With that, isn’t it time we formally rewarded levels of difficulty? It’s a heretical idea, and we will generally say that a tune or score that’s hard for one set of fingers or wrists might “suit” another. But the same can be said of the reverse 4½ somersault in the pike position. Difficult tunes or snowboard tricks “suit” more skilled performers, so why not reward them accordingly?

How will we ever decide what’s difficult? Jim McGillivray has done it for decades on his PipeTunes.ca platform. To help guide customers, each composition is given a difficult rating of Easy, Intermediate or Difficult. “The 51st Highland Division at Wadi-Akarit” is Easy. “The Pap of Glencoe” is Difficult.

We recognize that grading medleys would tricky. Four-or-more-parted 2/4 marches, strathspeys and reels could be much more straightforward on a scale of, say, one-to-five. “Walter Douglas” would be a 1.0. “The Pap of Glencoe” maybe a 4.6.

But then, you might say, lower-grade bands will submit harder tunes in an attempt to get their difficulty score up. Okay, good. What’s wrong with challenging bands to be better? But there will also be bands that understand the risk outweighs the reward. Why sacrifice technical and musical excellence in the name of difficulty?

Perhaps some sort of international database of compositions and difficulty ratings could be established, and perhaps easier than we think to accomplish: create a list of published MSR tunes and piobaireachds, pick 50 respected pipers, and ask them with an online survey to rate each composition by their level of difficulty. The average rating would be the result. No doubt the RSPBA would want to own and control this, but we’d suggest a more international and agnostic group manages the central database.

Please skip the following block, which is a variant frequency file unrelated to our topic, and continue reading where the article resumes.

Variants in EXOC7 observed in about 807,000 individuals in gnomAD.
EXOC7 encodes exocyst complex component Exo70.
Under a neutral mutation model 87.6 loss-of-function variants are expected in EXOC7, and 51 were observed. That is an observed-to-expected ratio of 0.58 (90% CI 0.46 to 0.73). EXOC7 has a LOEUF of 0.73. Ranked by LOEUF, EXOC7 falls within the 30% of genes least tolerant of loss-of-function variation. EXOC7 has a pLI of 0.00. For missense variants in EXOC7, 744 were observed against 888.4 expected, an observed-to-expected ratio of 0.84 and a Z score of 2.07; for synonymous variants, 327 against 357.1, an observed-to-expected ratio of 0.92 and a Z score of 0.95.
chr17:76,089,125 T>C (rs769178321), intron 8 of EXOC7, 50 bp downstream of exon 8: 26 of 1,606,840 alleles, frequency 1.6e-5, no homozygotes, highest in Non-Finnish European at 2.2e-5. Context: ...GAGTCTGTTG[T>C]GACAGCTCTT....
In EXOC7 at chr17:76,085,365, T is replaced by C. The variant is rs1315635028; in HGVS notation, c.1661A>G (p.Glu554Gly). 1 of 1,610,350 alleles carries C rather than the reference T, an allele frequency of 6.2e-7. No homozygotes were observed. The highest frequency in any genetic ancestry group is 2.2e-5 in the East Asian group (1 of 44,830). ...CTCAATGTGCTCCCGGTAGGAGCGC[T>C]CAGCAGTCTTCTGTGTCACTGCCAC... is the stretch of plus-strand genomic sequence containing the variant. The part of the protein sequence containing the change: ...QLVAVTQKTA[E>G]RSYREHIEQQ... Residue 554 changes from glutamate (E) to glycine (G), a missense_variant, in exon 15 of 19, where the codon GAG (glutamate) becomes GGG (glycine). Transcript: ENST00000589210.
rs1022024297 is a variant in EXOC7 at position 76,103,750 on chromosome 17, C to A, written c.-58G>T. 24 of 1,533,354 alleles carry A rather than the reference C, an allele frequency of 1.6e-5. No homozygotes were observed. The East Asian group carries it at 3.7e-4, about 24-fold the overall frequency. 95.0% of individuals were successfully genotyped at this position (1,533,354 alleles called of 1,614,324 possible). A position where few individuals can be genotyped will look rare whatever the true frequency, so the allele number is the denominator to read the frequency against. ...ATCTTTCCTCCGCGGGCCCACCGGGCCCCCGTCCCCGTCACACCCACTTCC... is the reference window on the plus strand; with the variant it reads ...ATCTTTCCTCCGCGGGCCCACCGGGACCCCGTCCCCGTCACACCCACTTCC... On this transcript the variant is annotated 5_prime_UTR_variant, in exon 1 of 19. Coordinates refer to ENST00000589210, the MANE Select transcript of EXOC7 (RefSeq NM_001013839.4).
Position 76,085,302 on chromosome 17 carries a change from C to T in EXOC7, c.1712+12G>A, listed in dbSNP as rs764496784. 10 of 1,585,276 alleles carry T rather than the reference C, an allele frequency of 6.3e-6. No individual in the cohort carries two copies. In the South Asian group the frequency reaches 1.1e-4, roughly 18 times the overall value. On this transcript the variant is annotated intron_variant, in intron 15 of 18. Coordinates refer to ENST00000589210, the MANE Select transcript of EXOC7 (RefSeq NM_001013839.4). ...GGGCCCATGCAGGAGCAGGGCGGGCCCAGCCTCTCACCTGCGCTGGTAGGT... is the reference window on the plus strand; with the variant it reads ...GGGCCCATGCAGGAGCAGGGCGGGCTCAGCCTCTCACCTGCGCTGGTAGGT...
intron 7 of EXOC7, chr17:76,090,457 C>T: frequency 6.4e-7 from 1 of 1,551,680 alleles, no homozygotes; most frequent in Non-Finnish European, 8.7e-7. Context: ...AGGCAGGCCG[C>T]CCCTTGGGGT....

The submitted MSR would then have a difficult rating based on the average of each tune. That difficulty rating would be factored into the final points awarded to the contestant.

Recognizing and rewarding degrees of difficulty would be difficult in itself, at least at the outset. But the potential rewards are clear: eliminate the traditional squabbles over subjective results, challenge contestants to push themselves, and add a strategic and fun new dimension to our art-sport.

Otherwise, just go out there and play an immaculate “Walter Douglas” at the Glenfiddich, because, by the rules, chances are you should deserve the prize.

What do you think? Please feel free to express your thoughts using our Comments feature. 



July 14, 2015